Segmentation is a key aspect of any cloud Go-To-Market (GTM) strategy. It helps illuminate an organization’s target market. Without it, businesses risk investing time and money into developing the wrong messaging for audiences in a high-paced competitive market, potentially causing an organization to fall behind and miss out on customers. Therefore, Cloud businesses must understand and prioritize customer segmentation that can clearly define which audiences will benefit the most from your services. Once this is created, a GTM strategy can be made.
Defining customer segmentation and its importance for a business
Customer segments are usually decided by senior leadership teams, who determine strategy based on the ideal audience for the organization. The focus point of this is normally how an organization can make a profit. However, profitable growth may take a backseat to initially being first to market and generating strong brand awareness. In this instance, clear customer segmentation will focus a company on who they should be driving awareness to and maximize messaging and resources in the right areas.
Within customer segmentation, five main types are commonly implemented for Cloud businesses. Originally cited by Bain & Company in 2017 Cloud customers can often be grouped as Transformational, Heterogeneous, Security-Conscious, Price-conscious and Slow-and-Steady.
Transformational customers are heavily invested in the cloud. Usually being early adopters, their focus is more on performance and innovation than cost saving in their decision-making process. This type of customer looks for innovative cloud solutions services and vendors which can offer hands-on and best-in-class support.
Heterogeneous customers have only partially moved their workload into the cloud. Working at a slower pace for a full migration due to the scale and complexity of their current system and their future IT needs. Therefore, they use both private and public cloud components within their tech stack.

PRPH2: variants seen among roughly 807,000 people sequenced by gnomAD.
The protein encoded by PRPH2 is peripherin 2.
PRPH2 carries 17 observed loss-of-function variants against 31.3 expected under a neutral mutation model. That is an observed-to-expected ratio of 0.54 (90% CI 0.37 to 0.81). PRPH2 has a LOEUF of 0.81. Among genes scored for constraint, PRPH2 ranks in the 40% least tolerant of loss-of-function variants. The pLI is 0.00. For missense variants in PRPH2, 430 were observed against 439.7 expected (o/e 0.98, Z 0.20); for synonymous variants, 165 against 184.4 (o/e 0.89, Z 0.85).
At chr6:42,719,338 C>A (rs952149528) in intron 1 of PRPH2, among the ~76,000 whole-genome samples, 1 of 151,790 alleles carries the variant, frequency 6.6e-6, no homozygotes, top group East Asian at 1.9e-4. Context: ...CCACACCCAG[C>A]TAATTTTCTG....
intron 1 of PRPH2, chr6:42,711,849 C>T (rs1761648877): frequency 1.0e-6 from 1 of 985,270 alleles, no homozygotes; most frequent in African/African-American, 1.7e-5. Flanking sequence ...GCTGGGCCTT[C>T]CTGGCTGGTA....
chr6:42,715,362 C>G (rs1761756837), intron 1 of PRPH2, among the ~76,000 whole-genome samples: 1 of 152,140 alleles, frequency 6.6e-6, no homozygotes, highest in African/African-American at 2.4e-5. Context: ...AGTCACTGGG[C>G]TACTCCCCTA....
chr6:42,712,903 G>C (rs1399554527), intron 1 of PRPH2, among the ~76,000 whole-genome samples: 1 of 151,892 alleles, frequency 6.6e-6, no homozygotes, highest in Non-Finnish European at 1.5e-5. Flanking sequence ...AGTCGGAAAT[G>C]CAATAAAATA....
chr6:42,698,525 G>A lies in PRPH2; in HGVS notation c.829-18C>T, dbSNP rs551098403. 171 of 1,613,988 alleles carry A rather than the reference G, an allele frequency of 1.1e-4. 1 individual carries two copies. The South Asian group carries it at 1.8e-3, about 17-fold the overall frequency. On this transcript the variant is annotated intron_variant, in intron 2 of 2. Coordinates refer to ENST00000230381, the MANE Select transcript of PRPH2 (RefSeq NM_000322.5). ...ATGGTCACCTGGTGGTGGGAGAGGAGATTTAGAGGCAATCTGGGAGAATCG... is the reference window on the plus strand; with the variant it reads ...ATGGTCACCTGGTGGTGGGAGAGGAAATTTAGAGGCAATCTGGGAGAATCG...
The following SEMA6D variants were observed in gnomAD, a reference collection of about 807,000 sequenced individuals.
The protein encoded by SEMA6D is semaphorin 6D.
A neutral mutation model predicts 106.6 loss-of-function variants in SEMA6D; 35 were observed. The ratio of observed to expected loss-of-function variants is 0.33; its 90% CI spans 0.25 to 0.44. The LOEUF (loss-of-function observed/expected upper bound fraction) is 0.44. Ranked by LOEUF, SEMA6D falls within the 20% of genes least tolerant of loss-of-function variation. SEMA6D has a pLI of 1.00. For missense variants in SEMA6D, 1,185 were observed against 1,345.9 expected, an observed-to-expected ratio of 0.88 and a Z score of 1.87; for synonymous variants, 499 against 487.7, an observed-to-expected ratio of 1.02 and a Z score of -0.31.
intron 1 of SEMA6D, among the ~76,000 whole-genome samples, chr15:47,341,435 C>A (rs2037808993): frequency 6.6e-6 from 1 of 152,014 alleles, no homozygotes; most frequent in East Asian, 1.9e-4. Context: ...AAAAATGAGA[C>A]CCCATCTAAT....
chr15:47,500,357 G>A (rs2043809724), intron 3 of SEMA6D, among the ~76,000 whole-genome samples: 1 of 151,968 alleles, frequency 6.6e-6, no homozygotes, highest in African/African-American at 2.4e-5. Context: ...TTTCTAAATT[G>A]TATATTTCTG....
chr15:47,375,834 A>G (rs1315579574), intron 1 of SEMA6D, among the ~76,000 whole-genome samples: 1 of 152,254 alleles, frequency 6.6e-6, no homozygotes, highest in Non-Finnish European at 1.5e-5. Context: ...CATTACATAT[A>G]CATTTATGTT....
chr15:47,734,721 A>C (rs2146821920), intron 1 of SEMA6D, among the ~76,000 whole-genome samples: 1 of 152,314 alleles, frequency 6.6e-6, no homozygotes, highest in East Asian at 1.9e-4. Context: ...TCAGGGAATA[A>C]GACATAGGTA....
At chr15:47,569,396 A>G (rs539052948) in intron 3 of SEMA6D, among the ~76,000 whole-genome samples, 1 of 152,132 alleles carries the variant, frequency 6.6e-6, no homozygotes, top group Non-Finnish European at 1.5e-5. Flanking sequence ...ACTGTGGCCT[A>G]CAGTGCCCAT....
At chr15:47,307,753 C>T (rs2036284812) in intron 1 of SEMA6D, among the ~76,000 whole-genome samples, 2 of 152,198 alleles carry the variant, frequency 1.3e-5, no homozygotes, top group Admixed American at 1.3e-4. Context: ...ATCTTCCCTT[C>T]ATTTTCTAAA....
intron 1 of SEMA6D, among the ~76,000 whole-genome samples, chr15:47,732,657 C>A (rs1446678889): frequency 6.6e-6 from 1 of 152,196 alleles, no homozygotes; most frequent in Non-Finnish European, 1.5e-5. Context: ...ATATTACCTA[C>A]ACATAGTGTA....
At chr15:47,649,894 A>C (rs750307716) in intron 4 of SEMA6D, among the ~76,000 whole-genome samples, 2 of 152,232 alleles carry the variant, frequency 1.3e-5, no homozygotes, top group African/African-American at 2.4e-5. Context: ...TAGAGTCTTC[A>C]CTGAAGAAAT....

This customer segment focuses on the strategic value to be a decision driver as most organizations of this type have plans to migrate a larger part of their workload to the cloud in the future. Therefore, having an emphasis on the strategic value of the cloud in your messaging is key.
Security-conscious customers look to become public cloud users, however, have some obstacles which inhibit them, mainly Industry-specific regulations, privacy laws and security requirements.
Security-conscious customers tend to have many of their cloud applications running on private cloud environments. When targeting this customer group, it is important to assist them in carrying due diligence and demonstrating your compliance with specific industry requirements.
Price-conscious customers prioritize cost when choosing their cloud investments. Organizations that have this mentality look to make the most practical use of cloud resources to allow their workloads to be agile, flexible and cost-effective.
When targeting this group, offering a range of service bundles at verifying price points for example, free trials to attract new customers and then advance them through a multi-tier service model can be beneficial to convince price-conscious customers of the value of your service.
Slow-and-steady which is also referred to as traditional customers has not yet moved the bulk of their IT stacks to the Cloud. There are several reasons for this such as security issues, barriers with industry regulations or logistical issues within an organization. Due to this the customer’s IT portfolio is made up of mainframe and legacy systems.
Slow-and-Steady customers are usually open to learning about opportunities that the Cloud can provide if it benefits there, IT development and business processes, cloud migration is done gradually. Tending to choose mostly private cloud architectures but open to the public if it fits in with their best interests.
How Cloud business can excel in customer segmentation.
When developing customer segmentation, Cloud businesses take advantage of having high agility and flexibility to identify markets early in the GTM process. To quickly tailor service offerings, acquisition of skillsets and experts and the financial management needed to develop them.
Successful Cloud providers that excel also make sure they have clear data and understanding of key areas of a market. This includes what type of businesses they want to attract, its total addressable market, its diversity and the base groups at the foundation of the market.
Taking advantage of these thought processes can help build a strong foundation towards a GTM, giving it a more robust and targeted goal which everything else can be built around.
Defining customers through segmentation is essential to developing a robust GTM strategy. This includes having a deep understanding of the total addressable market, their needs, wants and channels that customers frequent. With these in place, targeted messaging can be created which will engage with the intended audience. Without this in place, investments may be made into the incorrect messaging, which will likely not resonate with the needed customers.